Is Christmas fair too big for town?

CONCERNS were last night voiced that a popular Christmas fair could be getting too large for its host town after traffic ground to a standstill.

Last week’s Christmas fair attracted tens of thousands of people into Bury St Edmunds and many retailers have reported record takings.

However, the three-day event – which was last year judged the nation’s top Christmas fair – also caused sporadic gridlock for motorists in the town centre and delays to journey times of up to an hour.

Some have now questioned whether the festive celebrations, which were first held seven years ago with the inception of Bury St Edmunds Town Council, are getting too big.

Kevin Smith, 31, who works in the town, said: “It was a great event but I think making it any bigger would be a bad move. For commuters it was awful.”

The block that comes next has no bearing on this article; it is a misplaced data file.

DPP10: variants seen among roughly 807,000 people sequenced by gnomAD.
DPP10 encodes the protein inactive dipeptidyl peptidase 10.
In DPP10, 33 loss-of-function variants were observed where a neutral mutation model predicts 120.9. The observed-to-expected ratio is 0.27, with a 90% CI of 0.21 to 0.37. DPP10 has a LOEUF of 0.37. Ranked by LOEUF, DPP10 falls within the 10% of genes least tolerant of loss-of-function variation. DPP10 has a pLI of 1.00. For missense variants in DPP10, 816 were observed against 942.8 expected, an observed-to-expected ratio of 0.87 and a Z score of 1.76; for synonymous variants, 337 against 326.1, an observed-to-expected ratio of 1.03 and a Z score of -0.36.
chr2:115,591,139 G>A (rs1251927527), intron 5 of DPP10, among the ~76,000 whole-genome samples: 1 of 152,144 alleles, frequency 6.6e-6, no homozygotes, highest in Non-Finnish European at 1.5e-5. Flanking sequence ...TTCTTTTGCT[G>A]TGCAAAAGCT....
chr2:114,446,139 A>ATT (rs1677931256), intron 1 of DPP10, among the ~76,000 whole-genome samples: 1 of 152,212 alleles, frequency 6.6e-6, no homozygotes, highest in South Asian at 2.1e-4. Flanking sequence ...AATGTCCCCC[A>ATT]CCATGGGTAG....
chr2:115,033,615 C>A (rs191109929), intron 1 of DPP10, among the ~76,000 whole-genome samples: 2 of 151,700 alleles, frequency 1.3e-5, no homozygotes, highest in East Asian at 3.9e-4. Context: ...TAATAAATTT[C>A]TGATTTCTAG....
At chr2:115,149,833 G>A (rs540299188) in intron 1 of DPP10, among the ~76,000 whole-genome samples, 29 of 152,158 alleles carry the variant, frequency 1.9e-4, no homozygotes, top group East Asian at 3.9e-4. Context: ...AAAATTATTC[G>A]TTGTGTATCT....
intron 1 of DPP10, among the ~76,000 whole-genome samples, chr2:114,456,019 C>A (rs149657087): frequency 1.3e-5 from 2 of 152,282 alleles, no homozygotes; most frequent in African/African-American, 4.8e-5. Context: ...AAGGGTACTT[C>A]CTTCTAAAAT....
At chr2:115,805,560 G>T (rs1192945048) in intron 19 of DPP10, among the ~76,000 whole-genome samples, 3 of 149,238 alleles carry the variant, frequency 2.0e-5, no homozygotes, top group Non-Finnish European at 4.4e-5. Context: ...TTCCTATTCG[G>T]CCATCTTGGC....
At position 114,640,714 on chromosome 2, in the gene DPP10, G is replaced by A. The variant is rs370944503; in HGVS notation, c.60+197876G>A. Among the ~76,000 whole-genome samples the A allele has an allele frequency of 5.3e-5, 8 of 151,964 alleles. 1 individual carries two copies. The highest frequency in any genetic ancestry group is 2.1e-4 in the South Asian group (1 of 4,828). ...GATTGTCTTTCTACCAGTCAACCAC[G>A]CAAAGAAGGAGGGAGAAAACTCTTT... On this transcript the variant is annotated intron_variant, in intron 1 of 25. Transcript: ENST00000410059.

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Rachel Carrington, 21, who also works in the town, said: “It took me an hour to make a 10-minute journey. I was not happy as I ended up having to cancel an appointment.

“I think the event is about the right size, though it would be nice to see more variety – every other stall seemed to be selling food rather than being Christmassy.”

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Town council chairman Bob Cockle said: “It is becoming bigger every year. It is very, very good business.

“I have heard the complaints about the gridlock but I’ve also heard from certain retailers that they’ve just had the best three days of business. I think the fair is an incredible feat.

“If it does get too big then I can assure people it is under constant review. We have to look after the residents but the fair is good for the town and the economy.”

A spokeswoman for St Edmundsbury Borough Council, which runs the fair, said any issues relating to size would be investigated as part of a debriefing exercise.

She said: “It is early days in collating information from the weekend and we will be holding a debrief to look at any issues.

“For now, we can say that visitors, traders and organisers are all telling us that it was a tremendous success and very good for the local economy. If any issues to do with numbers of visitors are highlighted, we will work with the police.”

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